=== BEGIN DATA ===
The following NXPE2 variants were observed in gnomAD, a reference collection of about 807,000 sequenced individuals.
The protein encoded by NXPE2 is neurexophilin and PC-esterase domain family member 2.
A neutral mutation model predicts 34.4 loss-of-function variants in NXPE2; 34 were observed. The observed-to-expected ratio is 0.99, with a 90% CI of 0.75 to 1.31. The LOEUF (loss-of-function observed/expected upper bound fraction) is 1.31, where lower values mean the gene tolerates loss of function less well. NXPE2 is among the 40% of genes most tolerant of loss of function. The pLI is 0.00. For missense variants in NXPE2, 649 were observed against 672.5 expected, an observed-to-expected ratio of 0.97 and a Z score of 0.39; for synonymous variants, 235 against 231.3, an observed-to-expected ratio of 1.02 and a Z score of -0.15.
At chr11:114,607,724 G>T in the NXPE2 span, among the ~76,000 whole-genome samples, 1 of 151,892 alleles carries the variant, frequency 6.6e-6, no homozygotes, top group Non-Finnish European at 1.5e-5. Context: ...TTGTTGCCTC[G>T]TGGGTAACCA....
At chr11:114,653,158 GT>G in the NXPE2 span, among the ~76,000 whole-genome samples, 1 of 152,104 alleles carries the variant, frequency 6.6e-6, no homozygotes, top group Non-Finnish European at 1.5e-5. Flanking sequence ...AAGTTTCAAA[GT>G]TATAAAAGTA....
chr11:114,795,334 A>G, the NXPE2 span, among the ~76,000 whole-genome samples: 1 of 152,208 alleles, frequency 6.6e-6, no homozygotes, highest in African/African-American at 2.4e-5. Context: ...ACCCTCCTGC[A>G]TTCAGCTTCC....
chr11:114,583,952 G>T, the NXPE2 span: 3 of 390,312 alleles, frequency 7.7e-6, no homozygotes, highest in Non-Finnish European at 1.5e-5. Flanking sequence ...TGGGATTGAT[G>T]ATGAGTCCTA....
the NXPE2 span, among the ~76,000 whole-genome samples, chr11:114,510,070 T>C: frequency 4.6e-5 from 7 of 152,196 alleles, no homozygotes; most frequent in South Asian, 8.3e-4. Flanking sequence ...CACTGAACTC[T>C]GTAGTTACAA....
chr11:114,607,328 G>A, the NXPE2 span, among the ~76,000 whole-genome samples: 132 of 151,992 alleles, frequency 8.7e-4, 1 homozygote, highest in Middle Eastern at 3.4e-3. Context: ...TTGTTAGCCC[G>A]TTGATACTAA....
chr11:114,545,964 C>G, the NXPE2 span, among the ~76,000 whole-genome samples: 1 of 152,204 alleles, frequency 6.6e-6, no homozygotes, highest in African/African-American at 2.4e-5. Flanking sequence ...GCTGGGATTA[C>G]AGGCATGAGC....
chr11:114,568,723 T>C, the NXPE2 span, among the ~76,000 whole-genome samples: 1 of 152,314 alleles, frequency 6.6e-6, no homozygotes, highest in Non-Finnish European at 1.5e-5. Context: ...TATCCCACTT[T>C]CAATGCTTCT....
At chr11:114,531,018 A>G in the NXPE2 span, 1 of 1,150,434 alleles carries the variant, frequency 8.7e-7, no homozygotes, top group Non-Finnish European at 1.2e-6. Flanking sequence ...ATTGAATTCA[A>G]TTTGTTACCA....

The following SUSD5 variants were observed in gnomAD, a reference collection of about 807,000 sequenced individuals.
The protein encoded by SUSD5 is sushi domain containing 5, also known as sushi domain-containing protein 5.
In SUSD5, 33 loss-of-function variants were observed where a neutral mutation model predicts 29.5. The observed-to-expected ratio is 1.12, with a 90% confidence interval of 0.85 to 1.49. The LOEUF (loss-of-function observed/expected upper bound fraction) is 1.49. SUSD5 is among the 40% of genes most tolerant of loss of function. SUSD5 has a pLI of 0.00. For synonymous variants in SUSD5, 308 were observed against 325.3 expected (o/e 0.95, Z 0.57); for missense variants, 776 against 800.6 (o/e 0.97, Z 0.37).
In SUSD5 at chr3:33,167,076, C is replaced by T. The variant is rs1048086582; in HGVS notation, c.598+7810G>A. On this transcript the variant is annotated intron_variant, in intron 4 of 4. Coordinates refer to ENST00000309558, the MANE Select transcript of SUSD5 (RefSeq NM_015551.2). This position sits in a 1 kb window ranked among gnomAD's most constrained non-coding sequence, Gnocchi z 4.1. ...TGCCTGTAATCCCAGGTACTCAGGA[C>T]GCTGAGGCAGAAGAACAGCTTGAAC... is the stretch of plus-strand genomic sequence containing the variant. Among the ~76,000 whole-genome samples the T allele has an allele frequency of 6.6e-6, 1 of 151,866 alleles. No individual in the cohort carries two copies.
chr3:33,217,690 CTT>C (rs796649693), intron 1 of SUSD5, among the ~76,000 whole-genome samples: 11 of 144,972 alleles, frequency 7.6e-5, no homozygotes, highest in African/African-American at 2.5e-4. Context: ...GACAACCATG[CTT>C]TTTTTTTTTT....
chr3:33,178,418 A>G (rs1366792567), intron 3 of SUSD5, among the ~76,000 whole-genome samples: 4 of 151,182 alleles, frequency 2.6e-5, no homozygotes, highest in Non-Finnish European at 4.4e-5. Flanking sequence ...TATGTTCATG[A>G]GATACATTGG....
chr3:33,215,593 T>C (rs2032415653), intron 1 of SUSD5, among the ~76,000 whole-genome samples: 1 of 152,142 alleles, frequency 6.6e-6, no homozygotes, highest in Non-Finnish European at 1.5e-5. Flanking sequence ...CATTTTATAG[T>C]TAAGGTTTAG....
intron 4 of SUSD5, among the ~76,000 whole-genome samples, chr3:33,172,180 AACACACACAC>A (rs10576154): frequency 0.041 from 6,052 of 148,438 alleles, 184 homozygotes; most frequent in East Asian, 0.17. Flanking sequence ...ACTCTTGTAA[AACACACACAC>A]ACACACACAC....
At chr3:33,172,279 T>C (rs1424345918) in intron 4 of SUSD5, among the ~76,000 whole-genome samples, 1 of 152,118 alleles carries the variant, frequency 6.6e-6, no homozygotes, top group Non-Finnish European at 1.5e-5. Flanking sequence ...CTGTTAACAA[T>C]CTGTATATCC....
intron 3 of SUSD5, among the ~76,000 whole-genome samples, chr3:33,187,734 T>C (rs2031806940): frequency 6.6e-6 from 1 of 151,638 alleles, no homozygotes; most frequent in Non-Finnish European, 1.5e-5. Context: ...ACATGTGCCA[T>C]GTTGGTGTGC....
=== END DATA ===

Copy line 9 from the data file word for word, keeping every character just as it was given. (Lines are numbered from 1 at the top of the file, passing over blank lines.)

chr11:114,607,328 G>A, the NXPE2 span, among the ~76,000 whole-genome samples: 132 of 151,992 alleles, frequency 8.7e-4, 1 homozygote, highest in Middle Eastern at 3.4e-3. Context: ...TTGTTAGCCC[G>A]TTGATACTAA....